On the other hand, one can also find at least some support for two other hypotheses: the quid pro quo hypothesis, which expects collusion between managers or directors and controlling shareholders in terms of self-dealing, and the weak-monitoring hypothesis, which holds certain controllers as weak monitors. Generally, a significant number of companies with large blockholders report RPTs with directors or managers in both years (between 30-40 percent, depending on how one defines large blockholder), which may have been employed to divert company value due to weak monitoring by the controller, or as a quid pro quo. Furthermore, the quid pro quo hypothesis would predict that RPT values need not be conspicuously large; they should be just big enough to cover any risks or losses that directors or managers may face in acquiescing to abuse of control by the controlling shareholder. It would further predict that relevant RPTs should concentrate among directors tasked with the oversight of the company. Both predictions seem to be confirmed.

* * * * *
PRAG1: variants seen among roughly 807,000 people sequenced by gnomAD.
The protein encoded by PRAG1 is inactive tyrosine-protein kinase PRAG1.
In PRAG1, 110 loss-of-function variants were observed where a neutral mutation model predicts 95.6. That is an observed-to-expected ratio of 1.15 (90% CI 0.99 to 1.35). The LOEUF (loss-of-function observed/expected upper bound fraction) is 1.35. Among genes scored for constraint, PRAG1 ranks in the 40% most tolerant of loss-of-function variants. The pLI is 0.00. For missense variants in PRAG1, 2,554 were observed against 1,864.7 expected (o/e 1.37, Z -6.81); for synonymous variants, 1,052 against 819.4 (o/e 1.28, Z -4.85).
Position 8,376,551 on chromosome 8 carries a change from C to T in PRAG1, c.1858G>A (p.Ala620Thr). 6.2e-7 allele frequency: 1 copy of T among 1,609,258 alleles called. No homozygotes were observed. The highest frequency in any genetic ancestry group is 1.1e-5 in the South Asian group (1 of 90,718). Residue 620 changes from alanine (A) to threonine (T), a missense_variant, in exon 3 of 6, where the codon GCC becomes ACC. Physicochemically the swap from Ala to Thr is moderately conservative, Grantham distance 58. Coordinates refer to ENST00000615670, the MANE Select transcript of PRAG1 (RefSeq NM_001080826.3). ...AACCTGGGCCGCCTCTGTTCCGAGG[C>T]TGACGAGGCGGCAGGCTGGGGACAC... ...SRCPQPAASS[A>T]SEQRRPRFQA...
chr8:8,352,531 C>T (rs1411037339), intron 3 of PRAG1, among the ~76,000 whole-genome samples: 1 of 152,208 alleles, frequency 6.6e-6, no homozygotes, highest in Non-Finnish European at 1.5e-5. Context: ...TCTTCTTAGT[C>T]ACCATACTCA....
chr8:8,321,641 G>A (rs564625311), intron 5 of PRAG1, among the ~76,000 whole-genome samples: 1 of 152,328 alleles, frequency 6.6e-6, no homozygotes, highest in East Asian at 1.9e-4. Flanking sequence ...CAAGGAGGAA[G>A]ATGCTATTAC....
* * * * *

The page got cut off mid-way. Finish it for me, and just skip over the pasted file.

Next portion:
Out of companies with concentrated ownership that reported relevant RPTs, for a significant number (around 61 percent), these RPTs involved supervisory board members directly or indirectly – the primary oversight body for most of the companies on the German stock exchange (see, eg, Hopt 2016). Moreover, the data show that, for supervisory board members, the value of an overwhelming number of RPTs is greater than their remuneration. Thus, even RPTs of low value may be more valuable than compensation packages. In terms of the weak monitoring hypothesis, some relevant RPTs were reported by companies where controllers can be deemed as weak monitors because of their identity, such as heirs (see, eg, Villalonga & Amit 2006) and companies with diffuse ownership, or because of their relatively low shareholding (between 10 percent and 25 percent) or pyramidal share-ownership structure, which would dilute incentives to monitor due to reducing the economic stake. For the evasion hypothesis, which predicts a two-step scheme of tunneling first to the manager or director and from there to the controller, the data do not provide any supporting evidence. In contrast to what would be predicted by this hypothesis, the data show that, in most companies that reported relevant RPTs with directors or managers, controllers also directly entered into RPTs with the company, which refutes any need or preference for an evasive scheme involving company directors or managers.